The best plant-based alternatives to cows' milk.
Calcium comparison. Cow's milk has always been considered a great source of bone-building calcium; however, many of the alternatives contain little or none in their natural form, and calcium is usually added. "Check the ingredients list: If a calcium compound, such as calcium carbonate, is listed, then you know the product contains added calcium," advises Alissa Lupu, RD, a dietitian at Weill Cornell Medical Center.
In these instances, the calcium you're consuming is similar to what you would get in a supplement. It's important to be aware of your total daily calcium intake, especially in supplemental form, to avoid getting excessive amounts. (The recommended daily intake of calcium for women age 50 or under is 1,000 milligrams [mg], and 1,200 mg for women age 51 and older.) Also, your body can process only 500 mg of calcium at a time, so if you use a plant-based milk on your cereal in the morning and you also take a calcium supplement, wait until later in the day to take the supplement.
Other nutrients and ingredients. Vitamin D also is a key nutrient, since it promotes calcium absorption and has other important functions. Both animal- and plant-sourced milks are fortified with vitamin D.
Plant-based milks have an advantage in some areas: They are cholesterol-free, as are all plant foods, and they generally are low in total fat and contain little or no saturated fat. The exception is coconut milk, which contains the same amount of saturated fat as whole cows' milk. Cholesterol content in cows' milk ranges from 5g in nonfat milk to 24 g in whole milk.
Added sugar is another ingredient to consider. Unflavored cows' milk contains no added sugar, although it does contain the naturally occurring sugar lactose. Plant milks that are flavored, including many "original" varieties, often contain added sugar. To avoid added sugar, choose products with the word "unsweetened" on the label.
How they perform. Any milk alternatives can be used on top of cereal or in coffee, but you may notice a difference in taste, which may take some time to get used to. For example, almond and soy milks are very creamy and slightly nutty. Coconut and rice milk can be a bit sweeter and, while coconut milk is creamy, rice milk tends to be thinner than its animal-based counterpart. Hemp milk, while creamy, has a much more distinctive flavor.
When it comes to baking and cooking, most plant-based milks can be used as an equal substitute for milk in recipes, especially soy and almond milks. Coconut milk is a fabulous addition to curries, sauces, soups, and any other Indian or tropical recipes you enjoy. As for rice milk, Lupu advises, "When used in baking, you may need an additional binding agent like eggs, flour, or xanthan gum. In addition, products may be drier than expected, or may require a longer cooking time."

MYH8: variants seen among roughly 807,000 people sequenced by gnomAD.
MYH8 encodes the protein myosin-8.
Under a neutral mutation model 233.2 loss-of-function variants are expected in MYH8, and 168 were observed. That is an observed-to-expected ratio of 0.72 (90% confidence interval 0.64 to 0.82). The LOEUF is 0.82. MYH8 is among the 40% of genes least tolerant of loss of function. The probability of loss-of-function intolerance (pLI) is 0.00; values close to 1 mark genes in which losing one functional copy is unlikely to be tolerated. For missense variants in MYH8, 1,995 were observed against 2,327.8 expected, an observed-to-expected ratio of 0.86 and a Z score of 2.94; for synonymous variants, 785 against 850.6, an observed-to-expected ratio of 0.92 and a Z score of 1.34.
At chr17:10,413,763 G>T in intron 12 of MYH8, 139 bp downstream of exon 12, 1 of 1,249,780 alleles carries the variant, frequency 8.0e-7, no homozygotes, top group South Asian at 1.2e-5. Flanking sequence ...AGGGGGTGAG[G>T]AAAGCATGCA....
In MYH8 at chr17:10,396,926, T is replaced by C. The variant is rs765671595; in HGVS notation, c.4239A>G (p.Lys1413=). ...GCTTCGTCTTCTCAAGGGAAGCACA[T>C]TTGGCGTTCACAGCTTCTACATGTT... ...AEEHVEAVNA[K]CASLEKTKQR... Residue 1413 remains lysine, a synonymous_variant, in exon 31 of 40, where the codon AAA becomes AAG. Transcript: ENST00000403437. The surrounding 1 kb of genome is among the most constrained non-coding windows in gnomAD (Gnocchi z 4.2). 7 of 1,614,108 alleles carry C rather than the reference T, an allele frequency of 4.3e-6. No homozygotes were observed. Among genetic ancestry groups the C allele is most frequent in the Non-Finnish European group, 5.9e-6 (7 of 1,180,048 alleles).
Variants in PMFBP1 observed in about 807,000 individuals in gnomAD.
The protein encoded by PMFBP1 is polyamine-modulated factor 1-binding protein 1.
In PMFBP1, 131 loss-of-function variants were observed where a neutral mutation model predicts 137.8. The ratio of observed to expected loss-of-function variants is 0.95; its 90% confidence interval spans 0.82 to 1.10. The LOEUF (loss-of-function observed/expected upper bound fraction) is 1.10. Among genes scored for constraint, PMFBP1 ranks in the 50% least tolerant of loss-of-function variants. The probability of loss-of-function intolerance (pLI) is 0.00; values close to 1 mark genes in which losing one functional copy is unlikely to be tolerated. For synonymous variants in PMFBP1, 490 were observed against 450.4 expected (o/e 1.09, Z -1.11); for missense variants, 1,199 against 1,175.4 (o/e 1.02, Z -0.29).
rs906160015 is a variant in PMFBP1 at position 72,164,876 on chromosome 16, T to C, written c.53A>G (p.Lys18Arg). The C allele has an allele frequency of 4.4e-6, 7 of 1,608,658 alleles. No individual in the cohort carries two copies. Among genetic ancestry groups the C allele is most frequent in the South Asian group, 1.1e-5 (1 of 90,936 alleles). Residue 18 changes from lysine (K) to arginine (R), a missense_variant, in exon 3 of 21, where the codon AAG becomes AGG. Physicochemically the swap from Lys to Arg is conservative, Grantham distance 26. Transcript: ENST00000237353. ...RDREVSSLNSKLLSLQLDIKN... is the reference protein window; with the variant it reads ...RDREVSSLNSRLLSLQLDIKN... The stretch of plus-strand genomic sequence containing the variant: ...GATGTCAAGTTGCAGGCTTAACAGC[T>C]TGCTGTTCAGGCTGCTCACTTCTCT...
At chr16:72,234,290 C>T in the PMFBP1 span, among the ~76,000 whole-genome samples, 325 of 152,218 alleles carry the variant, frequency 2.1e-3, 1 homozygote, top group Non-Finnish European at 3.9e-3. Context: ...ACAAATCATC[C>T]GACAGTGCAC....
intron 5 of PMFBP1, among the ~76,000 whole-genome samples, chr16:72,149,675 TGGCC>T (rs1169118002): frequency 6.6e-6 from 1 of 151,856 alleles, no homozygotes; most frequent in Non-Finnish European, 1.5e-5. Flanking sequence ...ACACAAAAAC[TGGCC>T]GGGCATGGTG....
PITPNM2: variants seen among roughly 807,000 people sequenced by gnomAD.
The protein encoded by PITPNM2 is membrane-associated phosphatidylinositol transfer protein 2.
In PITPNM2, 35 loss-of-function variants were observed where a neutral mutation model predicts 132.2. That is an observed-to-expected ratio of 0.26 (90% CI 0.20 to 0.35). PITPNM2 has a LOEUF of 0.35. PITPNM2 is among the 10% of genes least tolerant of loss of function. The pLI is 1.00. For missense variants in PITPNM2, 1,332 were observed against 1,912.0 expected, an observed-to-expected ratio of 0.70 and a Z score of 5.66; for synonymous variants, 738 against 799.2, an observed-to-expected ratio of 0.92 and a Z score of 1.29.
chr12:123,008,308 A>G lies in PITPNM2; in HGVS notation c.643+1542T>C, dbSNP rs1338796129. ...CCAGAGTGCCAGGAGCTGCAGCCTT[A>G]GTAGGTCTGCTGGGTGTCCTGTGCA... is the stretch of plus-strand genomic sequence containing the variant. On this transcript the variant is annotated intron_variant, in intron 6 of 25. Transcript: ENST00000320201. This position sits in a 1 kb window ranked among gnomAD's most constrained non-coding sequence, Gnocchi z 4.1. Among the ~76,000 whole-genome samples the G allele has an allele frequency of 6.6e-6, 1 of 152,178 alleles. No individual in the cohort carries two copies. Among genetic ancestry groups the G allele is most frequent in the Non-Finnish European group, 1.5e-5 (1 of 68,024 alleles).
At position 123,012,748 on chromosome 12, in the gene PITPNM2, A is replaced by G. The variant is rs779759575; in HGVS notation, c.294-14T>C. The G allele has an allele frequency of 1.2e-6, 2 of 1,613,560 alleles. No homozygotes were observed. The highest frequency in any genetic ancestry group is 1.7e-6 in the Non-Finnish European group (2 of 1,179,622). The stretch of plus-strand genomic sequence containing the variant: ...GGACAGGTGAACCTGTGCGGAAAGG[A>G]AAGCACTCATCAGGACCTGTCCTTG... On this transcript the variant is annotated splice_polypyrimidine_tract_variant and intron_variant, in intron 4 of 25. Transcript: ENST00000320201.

There are a number of reasons people don't consume cows' milk. Fortunately, with so many nutritionally sound alternatives on the market, it's just a matter of choosing the best substitute(s) for your needs.
COWS' MILK VS PLANT MILK: A NUTRITION COMPARISON 8-OUNCE PROTEIN TOTAL FAT SERVING SIZE CALORIES (G) (G) COW'S MILK Whole 150 8 8 1% Fat 105 8.5 2.5 Nonfat 90 8 0 RICE MILK Original Unsweetened 90 <1 2.5 Vanilla Enriched 130 1 2.5 SOY MILK Original, Light 60 6 0 Vanilla, Light 70 6 1.5 ALMOND MILK Original Unsweetened 30 1 2.5 Vanilla Unsweetened 30 1 2.5 COCONUT MILK Original 80 0 5 Vanilla 90 0 5 HEMP MILK Unsweetened Original 70 2 6 Unsweetened Vanilla 70 2 6 8-OUNCE SATURATED TOTAL CALCIUM VITAMIN SERVING SIZE FAT (G) CARBS (G) (MG) D (IU) COW'S MILK Whole 5 12 300 115-124 1% Fat 1.5 13 300 115-124 Nonfat 0 13 300 115-124 RICE MILK Original Unsweetened 0 15 300 100 Vanilla Enriched 0 26 300 100 SOY MILK Original, Light 0 5 450 120 Vanilla, Light 0 7 450 120 ALMOND MILK Original Unsweetened 0 1 450 100 Vanilla Unsweetened 0 1 450 100 COCONUT MILK Original 5 7 450 100 Vanilla 5 9 450 100 HEMP MILK Unsweetened Original 0.5 1 300 100 Unsweetened Vanilla 0.5 1 300 100
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|Title Annotation:||HEALTHY EATING|
|Publication:||Women's Nutrition Connection|
|Date:||Sep 1, 2013|
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